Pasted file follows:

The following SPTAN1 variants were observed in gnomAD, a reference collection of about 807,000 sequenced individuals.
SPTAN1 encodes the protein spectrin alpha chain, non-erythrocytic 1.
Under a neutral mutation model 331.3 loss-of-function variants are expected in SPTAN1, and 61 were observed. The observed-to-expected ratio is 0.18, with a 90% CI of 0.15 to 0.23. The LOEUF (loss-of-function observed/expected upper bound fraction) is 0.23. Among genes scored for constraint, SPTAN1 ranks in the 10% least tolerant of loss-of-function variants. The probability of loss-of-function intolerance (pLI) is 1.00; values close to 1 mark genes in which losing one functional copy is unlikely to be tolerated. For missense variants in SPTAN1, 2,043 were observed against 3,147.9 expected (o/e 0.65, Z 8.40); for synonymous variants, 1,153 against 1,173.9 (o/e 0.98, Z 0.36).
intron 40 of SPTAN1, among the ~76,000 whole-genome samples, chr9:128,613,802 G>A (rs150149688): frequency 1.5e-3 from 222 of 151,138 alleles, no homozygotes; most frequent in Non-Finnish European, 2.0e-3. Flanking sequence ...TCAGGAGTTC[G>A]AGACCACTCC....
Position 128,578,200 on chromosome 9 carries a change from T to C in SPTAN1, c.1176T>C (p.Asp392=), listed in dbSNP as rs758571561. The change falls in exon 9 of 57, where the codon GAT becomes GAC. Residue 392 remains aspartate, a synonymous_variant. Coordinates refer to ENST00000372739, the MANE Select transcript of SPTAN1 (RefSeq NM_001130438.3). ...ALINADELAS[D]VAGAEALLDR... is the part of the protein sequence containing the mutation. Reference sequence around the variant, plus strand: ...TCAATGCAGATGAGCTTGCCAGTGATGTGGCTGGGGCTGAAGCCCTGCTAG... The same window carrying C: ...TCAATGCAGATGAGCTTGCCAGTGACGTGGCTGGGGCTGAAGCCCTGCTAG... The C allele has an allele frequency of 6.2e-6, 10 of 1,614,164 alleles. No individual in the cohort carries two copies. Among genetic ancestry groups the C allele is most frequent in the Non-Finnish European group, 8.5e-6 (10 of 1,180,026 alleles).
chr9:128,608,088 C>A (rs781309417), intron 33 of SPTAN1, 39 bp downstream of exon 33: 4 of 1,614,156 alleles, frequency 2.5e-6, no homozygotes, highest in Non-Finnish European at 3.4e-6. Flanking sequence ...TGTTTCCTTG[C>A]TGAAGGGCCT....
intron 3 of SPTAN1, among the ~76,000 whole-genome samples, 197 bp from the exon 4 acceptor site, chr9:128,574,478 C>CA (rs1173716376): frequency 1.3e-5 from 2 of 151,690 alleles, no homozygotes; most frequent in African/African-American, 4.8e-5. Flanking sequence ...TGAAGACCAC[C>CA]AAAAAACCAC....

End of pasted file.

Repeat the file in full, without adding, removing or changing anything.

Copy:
The following SPTAN1 variants were observed in gnomAD, a reference collection of about 807,000 sequenced individuals.
SPTAN1 encodes the protein spectrin alpha chain, non-erythrocytic 1.
Under a neutral mutation model 331.3 loss-of-function variants are expected in SPTAN1, and 61 were observed. The observed-to-expected ratio is 0.18, with a 90% CI of 0.15 to 0.23. The LOEUF (loss-of-function observed/expected upper bound fraction) is 0.23. Among genes scored for constraint, SPTAN1 ranks in the 10% least tolerant of loss-of-function variants. The probability of loss-of-function intolerance (pLI) is 1.00; values close to 1 mark genes in which losing one functional copy is unlikely to be tolerated. For missense variants in SPTAN1, 2,043 were observed against 3,147.9 expected (o/e 0.65, Z 8.40); for synonymous variants, 1,153 against 1,173.9 (o/e 0.98, Z 0.36).
intron 40 of SPTAN1, among the ~76,000 whole-genome samples, chr9:128,613,802 G>A (rs150149688): frequency 1.5e-3 from 222 of 151,138 alleles, no homozygotes; most frequent in Non-Finnish European, 2.0e-3. Flanking sequence ...TCAGGAGTTC[G>A]AGACCACTCC....
Position 128,578,200 on chromosome 9 carries a change from T to C in SPTAN1, c.1176T>C (p.Asp392=), listed in dbSNP as rs758571561. The change falls in exon 9 of 57, where the codon GAT becomes GAC. Residue 392 remains aspartate, a synonymous_variant. Coordinates refer to ENST00000372739, the MANE Select transcript of SPTAN1 (RefSeq NM_001130438.3). ...ALINADELAS[D]VAGAEALLDR... is the part of the protein sequence containing the mutation. Reference sequence around the variant, plus strand: ...TCAATGCAGATGAGCTTGCCAGTGATGTGGCTGGGGCTGAAGCCCTGCTAG... The same window carrying C: ...TCAATGCAGATGAGCTTGCCAGTGACGTGGCTGGGGCTGAAGCCCTGCTAG... The C allele has an allele frequency of 6.2e-6, 10 of 1,614,164 alleles. No individual in the cohort carries two copies. Among genetic ancestry groups the C allele is most frequent in the Non-Finnish European group, 8.5e-6 (10 of 1,180,026 alleles).
chr9:128,608,088 C>A (rs781309417), intron 33 of SPTAN1, 39 bp downstream of exon 33: 4 of 1,614,156 alleles, frequency 2.5e-6, no homozygotes, highest in Non-Finnish European at 3.4e-6. Flanking sequence ...TGTTTCCTTG[C>A]TGAAGGGCCT....
intron 3 of SPTAN1, among the ~76,000 whole-genome samples, 197 bp from the exon 4 acceptor site, chr9:128,574,478 C>CA (rs1173716376): frequency 1.3e-5 from 2 of 151,690 alleles, no homozygotes; most frequent in African/African-American, 4.8e-5. Flanking sequence ...TGAAGACCAC[C>CA]AAAAAACCAC....